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Clin Rheumatol. 2002 May;21(2):123-8.

Comparison of gastroduodenal, renal and abdominal fat biopsies for diagnosing amyloidosis in rheumatoid arthritis.

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  • 1Department of Medicine, Niigata University School of Medicine, Japan.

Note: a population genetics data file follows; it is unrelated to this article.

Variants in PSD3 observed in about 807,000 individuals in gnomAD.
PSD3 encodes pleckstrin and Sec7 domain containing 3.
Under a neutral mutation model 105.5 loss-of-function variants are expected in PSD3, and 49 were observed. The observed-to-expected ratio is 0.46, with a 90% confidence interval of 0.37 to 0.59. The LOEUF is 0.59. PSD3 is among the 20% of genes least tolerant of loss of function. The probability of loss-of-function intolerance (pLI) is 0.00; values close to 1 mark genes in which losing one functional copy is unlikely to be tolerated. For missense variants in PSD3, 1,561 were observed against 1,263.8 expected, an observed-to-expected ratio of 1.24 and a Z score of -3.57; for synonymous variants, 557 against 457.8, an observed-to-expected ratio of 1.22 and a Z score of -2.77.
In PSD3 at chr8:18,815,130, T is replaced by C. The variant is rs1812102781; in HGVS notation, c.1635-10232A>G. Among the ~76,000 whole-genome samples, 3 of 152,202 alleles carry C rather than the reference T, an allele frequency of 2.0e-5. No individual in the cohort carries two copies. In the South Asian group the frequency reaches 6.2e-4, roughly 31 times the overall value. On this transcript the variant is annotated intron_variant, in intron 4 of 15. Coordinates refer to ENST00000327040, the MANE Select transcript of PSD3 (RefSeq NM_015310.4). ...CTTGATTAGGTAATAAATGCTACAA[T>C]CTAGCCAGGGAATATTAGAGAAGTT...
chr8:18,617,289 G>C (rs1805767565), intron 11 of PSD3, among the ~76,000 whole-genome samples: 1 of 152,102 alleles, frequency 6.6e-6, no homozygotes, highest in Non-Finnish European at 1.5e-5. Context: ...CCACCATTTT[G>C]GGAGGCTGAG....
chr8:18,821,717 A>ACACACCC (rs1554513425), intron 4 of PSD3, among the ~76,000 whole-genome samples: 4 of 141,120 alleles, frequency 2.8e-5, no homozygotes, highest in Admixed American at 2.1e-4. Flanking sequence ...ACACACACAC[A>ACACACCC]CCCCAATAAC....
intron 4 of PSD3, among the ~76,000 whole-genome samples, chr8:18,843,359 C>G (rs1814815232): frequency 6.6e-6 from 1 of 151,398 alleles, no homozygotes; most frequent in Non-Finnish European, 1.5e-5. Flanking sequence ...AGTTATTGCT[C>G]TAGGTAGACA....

The aim of the study was to determine the frequency of amyloidosis detected by gastroduodenal biopsy in rheumatoid arthritis (RA) patients, and to investigate correlations between the results of gastroduodenal biopsy and abdominal fat and renal biopsies. A total of consecutive 1006 RA patients underwent gastroduodenal biopsy. The 71 patients who tested positive for gastrointestinal (GI) amyloidosis were asked to undergo renal and abdominal fat biopsies, and 21 did so. Renal biopsies were also performed on 12 patients with no amyloidosis but indicators of drug-induced renal damage, and abdominal fat biopsies were performed on 50 RA patients with no indication of amyloidosis. The prevalence of GI amyloidosis was 7.1%. Urinary abnormalities and GI symptoms were common in GI amyloidisis, and inflammatory markers were elevated. Sixty-one (86%) had either depressed creatinine clearance or urinary symptoms. Nineteen of the 21 patients (91%) with GI amyloidosis who underwent renal biopsies also had renal amyloid deposits. Eleven of the 21 (52%) had amyloidosis on abdominal fat biopsy. None of the 12 patients without GI amyloidosis had renal amyloidosis on renal biopsy, and none of the 50 patients without GI amyloidosis had amyloidosis on abdominal fat biopsy. Gastroduodenal biopsy reveals a high prevalence of amyloidosis in RA patients. Amyloidosis is often associated with signs of renal impairment. Results of GI biopsy are highly correlated with those of renal biopsy, but the results of fat biopsy are not. We recommend GI biopsy for RA patients for the screening of systemic amyloidosis.

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